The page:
This season's Naval Academy Distinguished Artists Series got off to a distinguished start Friday with a masterful recital by Vladimir Feltsman, the Soviet pianist whose emigration to the United States was a cause celebre in the 1980s.
Mr. Feltsman's career in the West began bumpily amid Cold War hype, intense critical scrutiny and the artist's frenetic concert schedule, but it has weathered the storm and he remains very much in demand as one of the world's top-ranked pianists.
That certainly was the message of his performance at Alumni Hall.
Mr. Feltsman is not the prototypical hotblooded romantic pianist of the Russian school. While he has technique to burn, he speaks in the more measured, contemplative voice of scrupulous musicality.
His Bach is quite special. His C-minor Partita was full-bodied Steinway Bach all the way, yet delivered without the swooning affectation that sometimes dooms Johann Sebastian on the modern piano. With Mr. Feltsman, the line gives, but never goes limp.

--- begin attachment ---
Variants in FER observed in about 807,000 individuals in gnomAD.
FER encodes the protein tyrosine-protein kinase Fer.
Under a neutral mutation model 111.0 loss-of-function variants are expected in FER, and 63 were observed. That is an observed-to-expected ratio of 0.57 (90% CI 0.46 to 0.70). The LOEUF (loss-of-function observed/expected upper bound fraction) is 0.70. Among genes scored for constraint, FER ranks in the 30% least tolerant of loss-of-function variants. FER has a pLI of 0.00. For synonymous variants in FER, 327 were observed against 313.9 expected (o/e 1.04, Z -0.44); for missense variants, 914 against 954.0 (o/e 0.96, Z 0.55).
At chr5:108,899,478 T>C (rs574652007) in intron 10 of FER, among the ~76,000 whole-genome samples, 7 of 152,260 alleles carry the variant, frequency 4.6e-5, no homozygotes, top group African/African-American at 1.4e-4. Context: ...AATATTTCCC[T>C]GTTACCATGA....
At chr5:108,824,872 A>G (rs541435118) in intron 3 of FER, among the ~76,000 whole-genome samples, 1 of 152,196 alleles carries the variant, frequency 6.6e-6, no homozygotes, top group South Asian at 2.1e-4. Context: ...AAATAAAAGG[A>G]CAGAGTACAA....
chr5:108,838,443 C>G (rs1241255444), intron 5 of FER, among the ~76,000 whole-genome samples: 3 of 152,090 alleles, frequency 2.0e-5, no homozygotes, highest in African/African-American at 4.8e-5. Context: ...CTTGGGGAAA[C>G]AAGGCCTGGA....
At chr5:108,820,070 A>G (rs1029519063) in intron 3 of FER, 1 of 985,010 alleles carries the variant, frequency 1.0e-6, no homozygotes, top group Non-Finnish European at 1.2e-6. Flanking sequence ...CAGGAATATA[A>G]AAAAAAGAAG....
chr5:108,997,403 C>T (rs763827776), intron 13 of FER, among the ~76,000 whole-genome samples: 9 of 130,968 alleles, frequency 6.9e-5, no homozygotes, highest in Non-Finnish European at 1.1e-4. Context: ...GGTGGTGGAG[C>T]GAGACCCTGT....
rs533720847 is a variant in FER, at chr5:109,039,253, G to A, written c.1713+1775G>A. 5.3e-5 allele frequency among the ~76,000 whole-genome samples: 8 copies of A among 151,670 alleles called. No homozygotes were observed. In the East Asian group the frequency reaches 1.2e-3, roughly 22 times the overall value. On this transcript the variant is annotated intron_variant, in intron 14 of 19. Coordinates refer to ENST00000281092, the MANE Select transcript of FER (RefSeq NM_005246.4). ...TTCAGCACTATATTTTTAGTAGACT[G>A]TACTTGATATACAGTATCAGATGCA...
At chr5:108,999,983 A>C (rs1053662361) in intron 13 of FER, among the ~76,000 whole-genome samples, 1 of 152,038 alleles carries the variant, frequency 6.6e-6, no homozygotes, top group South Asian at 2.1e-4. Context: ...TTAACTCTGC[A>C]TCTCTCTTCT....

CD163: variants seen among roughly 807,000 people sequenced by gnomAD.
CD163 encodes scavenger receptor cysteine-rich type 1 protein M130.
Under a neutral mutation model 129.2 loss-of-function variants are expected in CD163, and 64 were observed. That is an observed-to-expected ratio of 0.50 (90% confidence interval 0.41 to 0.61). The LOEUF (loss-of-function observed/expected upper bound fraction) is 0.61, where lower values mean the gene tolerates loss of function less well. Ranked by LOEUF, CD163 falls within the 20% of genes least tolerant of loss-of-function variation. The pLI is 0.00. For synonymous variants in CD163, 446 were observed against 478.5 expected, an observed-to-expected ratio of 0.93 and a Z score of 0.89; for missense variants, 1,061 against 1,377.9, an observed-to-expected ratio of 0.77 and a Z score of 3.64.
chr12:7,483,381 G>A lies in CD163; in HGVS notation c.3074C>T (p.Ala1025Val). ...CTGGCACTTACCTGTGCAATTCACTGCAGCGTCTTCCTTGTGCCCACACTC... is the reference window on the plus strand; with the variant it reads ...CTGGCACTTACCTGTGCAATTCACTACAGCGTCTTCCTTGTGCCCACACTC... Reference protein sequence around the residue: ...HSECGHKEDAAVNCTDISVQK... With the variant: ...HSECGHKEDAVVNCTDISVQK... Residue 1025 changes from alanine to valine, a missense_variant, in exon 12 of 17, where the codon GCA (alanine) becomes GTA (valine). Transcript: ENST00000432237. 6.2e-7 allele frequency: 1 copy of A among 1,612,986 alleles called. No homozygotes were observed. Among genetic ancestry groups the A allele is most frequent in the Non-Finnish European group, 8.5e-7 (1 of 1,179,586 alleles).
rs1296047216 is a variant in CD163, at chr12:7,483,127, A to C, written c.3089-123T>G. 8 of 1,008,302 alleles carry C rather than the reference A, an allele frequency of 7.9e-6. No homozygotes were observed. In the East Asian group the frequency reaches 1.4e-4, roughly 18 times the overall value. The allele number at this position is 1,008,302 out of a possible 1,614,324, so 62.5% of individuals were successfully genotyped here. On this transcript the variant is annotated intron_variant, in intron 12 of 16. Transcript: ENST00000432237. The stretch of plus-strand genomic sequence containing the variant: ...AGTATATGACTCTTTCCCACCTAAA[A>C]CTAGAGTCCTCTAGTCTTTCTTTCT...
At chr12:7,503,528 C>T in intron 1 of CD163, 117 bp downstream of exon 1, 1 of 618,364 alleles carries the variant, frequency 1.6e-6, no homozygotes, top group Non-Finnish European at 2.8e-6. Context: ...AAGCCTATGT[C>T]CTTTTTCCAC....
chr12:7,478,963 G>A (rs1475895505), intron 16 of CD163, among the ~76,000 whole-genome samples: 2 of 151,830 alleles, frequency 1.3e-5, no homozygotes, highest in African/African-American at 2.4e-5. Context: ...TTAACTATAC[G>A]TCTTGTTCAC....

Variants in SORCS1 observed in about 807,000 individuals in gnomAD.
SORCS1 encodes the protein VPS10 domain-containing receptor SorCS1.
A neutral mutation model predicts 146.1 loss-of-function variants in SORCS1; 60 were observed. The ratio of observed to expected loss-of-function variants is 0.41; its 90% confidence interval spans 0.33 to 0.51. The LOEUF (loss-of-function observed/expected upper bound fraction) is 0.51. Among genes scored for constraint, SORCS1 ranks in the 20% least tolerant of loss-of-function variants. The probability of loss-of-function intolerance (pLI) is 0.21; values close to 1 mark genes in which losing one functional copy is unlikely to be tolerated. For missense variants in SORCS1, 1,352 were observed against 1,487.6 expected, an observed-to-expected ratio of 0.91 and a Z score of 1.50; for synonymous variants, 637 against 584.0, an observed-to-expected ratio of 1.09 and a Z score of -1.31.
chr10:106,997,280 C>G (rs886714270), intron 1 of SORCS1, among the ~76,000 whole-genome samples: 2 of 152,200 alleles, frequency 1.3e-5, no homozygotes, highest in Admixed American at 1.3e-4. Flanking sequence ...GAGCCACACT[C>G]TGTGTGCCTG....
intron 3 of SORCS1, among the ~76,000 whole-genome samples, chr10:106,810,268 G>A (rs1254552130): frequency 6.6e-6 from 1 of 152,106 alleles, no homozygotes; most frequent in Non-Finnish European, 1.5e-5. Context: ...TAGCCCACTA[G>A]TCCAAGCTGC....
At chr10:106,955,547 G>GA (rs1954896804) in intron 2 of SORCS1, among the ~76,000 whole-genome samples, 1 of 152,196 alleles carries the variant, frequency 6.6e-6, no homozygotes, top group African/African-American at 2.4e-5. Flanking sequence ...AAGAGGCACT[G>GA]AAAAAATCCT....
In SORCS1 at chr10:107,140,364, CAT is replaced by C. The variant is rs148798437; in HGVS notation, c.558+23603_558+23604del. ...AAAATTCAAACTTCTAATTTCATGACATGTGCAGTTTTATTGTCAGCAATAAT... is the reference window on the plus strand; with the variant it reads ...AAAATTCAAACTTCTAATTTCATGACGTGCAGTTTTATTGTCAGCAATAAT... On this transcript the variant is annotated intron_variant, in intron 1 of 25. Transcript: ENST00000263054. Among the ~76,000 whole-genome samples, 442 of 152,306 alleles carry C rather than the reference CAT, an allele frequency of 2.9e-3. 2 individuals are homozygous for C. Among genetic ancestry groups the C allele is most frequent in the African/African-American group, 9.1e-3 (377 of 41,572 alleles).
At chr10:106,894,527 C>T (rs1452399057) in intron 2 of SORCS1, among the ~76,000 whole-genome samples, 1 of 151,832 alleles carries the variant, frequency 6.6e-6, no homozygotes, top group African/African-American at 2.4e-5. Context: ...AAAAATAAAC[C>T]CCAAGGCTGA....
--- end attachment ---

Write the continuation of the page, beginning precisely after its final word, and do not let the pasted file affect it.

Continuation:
He unearthed extraordinary details of character in each of the movements -- the lucidity of the Allemande, the nervous counterpoint of the Courante, the Beethoven-like intensity of the opening Sinfonia and the dazzling pyrotechnics of the closing Capriccio were stunning in their impact.
To Schumann's "Carnaval", Mr. Feltsman brought a sense of evolving drama that made the work sound like the pianistic song-cycle it is. In the manner of great Schumann "lieder," each interlude was carefully crafted to move inexorably to the next. Even the concluding March, a rouser to be sure, was tailored to fit Mr. Feltsman's conception of the overarching dramatic whole.
Schumann the fiery romantic and Schumann the lyric poet seemed to be emanating from the same lofty place.
Mr. Feltsman's Mozart (the C-major Sonata, K.330) was a sober re-examination of what the music is all about. A welcome review, but perhaps not the way you'd want to hear Mozart again and again.